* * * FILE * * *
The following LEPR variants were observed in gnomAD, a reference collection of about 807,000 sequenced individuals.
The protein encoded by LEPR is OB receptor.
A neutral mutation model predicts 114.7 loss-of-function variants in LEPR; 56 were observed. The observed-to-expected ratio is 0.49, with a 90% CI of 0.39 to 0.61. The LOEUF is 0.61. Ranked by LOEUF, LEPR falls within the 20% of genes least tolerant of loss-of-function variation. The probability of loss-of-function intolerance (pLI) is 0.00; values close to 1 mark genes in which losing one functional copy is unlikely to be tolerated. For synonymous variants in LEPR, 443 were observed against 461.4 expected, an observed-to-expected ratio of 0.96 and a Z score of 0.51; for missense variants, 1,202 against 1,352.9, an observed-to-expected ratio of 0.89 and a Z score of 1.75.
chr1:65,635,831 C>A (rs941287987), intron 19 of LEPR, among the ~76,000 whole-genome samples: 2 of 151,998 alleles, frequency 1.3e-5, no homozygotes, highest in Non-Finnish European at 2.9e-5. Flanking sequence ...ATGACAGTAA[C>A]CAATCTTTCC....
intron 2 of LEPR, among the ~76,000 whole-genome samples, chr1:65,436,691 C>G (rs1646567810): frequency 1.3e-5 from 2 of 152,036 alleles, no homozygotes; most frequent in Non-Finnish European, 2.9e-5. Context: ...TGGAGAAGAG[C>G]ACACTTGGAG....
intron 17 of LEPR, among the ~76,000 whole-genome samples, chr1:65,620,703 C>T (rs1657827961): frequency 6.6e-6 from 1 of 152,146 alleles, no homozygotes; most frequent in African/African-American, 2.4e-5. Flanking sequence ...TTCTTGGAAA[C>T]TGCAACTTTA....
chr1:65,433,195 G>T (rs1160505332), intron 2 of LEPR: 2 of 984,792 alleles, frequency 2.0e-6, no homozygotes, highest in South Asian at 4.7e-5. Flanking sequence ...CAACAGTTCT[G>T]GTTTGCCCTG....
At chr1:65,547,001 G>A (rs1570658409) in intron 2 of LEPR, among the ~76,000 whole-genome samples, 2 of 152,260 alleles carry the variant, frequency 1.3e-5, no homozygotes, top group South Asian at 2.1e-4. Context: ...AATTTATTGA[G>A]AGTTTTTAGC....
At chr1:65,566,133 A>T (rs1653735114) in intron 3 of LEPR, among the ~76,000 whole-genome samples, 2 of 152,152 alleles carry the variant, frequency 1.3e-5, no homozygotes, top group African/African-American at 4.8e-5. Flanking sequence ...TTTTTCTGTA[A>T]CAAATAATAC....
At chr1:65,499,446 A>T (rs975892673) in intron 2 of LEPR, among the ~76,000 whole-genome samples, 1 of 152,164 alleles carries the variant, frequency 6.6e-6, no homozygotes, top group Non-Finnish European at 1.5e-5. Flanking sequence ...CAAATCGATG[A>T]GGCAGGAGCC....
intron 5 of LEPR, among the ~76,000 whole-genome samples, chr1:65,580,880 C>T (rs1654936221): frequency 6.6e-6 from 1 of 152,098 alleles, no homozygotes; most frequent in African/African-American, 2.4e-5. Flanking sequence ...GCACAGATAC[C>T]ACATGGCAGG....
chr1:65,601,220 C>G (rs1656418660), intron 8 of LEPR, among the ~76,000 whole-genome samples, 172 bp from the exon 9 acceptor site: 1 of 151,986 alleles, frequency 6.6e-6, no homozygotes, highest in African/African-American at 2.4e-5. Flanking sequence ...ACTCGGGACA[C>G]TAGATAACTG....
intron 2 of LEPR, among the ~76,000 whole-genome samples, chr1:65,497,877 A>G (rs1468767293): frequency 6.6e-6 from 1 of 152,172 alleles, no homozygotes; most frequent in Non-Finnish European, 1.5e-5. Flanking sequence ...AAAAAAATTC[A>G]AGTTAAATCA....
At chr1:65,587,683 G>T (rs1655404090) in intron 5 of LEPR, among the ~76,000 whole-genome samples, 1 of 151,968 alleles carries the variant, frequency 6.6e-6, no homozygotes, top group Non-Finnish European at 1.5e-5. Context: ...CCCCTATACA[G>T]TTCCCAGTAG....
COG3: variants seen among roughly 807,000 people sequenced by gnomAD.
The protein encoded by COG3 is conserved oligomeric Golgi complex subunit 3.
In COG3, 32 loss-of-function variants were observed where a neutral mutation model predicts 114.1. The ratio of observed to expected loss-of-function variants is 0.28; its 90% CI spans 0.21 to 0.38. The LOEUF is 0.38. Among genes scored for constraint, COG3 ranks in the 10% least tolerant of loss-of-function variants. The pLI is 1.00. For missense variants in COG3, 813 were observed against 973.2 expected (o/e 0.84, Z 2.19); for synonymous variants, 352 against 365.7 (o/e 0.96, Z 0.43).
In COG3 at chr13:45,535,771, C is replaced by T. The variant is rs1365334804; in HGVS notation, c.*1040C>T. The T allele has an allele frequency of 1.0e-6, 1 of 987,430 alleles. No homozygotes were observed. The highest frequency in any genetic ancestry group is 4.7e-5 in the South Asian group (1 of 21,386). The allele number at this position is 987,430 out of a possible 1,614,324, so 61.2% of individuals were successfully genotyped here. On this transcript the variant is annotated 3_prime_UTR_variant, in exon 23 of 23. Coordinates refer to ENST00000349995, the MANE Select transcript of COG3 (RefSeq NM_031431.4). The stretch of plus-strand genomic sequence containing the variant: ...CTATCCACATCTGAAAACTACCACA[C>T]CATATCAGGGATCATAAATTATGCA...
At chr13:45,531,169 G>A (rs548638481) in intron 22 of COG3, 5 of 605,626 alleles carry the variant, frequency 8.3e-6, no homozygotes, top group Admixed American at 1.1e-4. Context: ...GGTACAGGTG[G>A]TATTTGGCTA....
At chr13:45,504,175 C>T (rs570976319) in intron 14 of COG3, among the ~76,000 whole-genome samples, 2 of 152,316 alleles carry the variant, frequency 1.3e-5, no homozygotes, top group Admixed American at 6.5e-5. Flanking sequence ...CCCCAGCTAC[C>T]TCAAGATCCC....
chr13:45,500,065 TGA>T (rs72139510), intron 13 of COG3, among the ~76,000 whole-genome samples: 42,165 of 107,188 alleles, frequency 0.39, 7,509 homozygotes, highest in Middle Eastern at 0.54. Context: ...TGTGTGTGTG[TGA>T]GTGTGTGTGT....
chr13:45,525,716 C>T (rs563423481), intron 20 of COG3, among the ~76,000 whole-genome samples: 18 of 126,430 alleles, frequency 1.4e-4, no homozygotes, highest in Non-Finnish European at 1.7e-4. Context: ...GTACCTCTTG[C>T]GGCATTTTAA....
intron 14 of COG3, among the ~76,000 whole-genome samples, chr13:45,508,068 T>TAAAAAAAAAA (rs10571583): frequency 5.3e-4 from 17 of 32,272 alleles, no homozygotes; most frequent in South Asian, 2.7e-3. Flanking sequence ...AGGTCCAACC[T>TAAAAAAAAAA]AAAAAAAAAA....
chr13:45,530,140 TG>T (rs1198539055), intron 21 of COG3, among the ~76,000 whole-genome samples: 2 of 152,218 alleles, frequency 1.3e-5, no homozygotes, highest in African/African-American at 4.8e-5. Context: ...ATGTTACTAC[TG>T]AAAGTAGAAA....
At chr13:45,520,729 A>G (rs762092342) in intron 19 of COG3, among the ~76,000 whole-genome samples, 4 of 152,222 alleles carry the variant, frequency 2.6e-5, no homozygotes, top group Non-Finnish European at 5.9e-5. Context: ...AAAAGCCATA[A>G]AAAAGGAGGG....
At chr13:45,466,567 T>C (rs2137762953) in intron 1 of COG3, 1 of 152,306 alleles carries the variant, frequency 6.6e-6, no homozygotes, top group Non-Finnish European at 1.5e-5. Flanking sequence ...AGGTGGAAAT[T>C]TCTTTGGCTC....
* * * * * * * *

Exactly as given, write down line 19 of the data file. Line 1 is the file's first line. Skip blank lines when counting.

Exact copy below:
At chr13:45,531,169 G>A (rs548638481) in intron 22 of COG3, 5 of 605,626 alleles carry the variant, frequency 8.3e-6, no homozygotes, top group Admixed American at 1.1e-4. Context: ...GGTACAGGTG[G>A]TATTTGGCTA....